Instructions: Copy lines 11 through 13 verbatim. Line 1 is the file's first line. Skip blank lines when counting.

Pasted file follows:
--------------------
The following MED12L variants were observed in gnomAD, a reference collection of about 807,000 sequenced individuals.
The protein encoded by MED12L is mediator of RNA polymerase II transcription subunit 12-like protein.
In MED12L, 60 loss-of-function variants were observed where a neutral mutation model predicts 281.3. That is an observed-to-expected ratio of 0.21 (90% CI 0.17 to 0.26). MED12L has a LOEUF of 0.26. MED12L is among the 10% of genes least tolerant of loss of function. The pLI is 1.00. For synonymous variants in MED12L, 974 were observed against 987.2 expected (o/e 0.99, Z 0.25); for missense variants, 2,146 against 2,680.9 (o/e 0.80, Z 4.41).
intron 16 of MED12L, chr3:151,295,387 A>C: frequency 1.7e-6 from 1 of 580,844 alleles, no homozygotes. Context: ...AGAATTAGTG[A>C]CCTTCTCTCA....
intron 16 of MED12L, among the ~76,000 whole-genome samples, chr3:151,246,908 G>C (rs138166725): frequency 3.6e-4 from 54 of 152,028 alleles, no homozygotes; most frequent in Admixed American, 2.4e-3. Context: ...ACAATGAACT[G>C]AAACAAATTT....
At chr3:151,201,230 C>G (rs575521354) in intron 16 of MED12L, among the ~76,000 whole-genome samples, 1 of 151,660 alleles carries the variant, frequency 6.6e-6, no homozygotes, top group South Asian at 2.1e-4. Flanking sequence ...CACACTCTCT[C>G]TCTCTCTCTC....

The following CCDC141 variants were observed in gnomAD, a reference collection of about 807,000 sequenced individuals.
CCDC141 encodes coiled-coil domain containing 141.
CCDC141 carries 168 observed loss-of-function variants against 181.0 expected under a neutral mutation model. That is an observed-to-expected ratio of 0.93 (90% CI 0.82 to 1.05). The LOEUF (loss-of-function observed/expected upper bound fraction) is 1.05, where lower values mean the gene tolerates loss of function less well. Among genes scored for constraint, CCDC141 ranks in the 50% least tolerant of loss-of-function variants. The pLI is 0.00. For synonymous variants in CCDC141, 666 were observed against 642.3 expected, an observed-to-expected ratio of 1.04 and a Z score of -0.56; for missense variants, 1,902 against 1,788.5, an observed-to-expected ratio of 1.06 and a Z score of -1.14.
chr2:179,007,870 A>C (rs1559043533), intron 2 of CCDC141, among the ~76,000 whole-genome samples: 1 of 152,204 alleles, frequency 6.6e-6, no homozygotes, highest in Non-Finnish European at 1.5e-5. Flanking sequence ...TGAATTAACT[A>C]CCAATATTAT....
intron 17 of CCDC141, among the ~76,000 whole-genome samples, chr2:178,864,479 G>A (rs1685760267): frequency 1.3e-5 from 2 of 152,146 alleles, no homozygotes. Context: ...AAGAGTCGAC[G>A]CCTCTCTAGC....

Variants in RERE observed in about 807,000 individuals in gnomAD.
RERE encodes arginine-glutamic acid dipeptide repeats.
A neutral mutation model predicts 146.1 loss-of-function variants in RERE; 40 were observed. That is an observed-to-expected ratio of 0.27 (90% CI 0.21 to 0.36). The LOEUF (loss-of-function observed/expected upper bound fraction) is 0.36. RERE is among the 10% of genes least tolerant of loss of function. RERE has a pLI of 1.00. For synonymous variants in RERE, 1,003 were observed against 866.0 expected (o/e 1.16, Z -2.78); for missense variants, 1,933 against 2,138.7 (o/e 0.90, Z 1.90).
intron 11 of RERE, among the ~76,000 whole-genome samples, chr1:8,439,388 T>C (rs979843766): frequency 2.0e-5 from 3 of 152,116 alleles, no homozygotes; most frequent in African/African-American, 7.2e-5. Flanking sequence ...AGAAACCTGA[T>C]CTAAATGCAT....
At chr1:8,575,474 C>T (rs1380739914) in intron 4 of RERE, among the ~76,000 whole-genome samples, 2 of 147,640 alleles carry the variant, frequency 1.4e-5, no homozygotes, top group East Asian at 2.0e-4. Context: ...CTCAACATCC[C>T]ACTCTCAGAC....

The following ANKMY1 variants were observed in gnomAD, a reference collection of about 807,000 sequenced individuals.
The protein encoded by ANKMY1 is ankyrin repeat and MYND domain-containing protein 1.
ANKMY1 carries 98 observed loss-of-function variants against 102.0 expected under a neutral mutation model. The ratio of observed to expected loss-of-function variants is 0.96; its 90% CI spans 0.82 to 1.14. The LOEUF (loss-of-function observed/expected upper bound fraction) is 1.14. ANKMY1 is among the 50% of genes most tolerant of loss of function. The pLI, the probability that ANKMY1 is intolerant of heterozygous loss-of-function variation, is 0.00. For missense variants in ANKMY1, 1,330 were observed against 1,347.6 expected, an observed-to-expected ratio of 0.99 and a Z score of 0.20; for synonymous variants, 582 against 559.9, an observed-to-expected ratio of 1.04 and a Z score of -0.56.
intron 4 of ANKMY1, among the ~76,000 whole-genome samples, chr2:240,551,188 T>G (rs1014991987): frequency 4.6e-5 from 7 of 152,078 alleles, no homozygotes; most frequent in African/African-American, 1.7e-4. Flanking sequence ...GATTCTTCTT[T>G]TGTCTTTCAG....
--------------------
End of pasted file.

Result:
intron 17 of CCDC141, among the ~76,000 whole-genome samples, chr2:178,864,479 G>A (rs1685760267): frequency 1.3e-5 from 2 of 152,146 alleles, no homozygotes. Context: ...AAGAGTCGAC[G>A]CCTCTCTAGC....

Variants in RERE observed in about 807,000 individuals in gnomAD.
RERE encodes arginine-glutamic acid dipeptide repeats.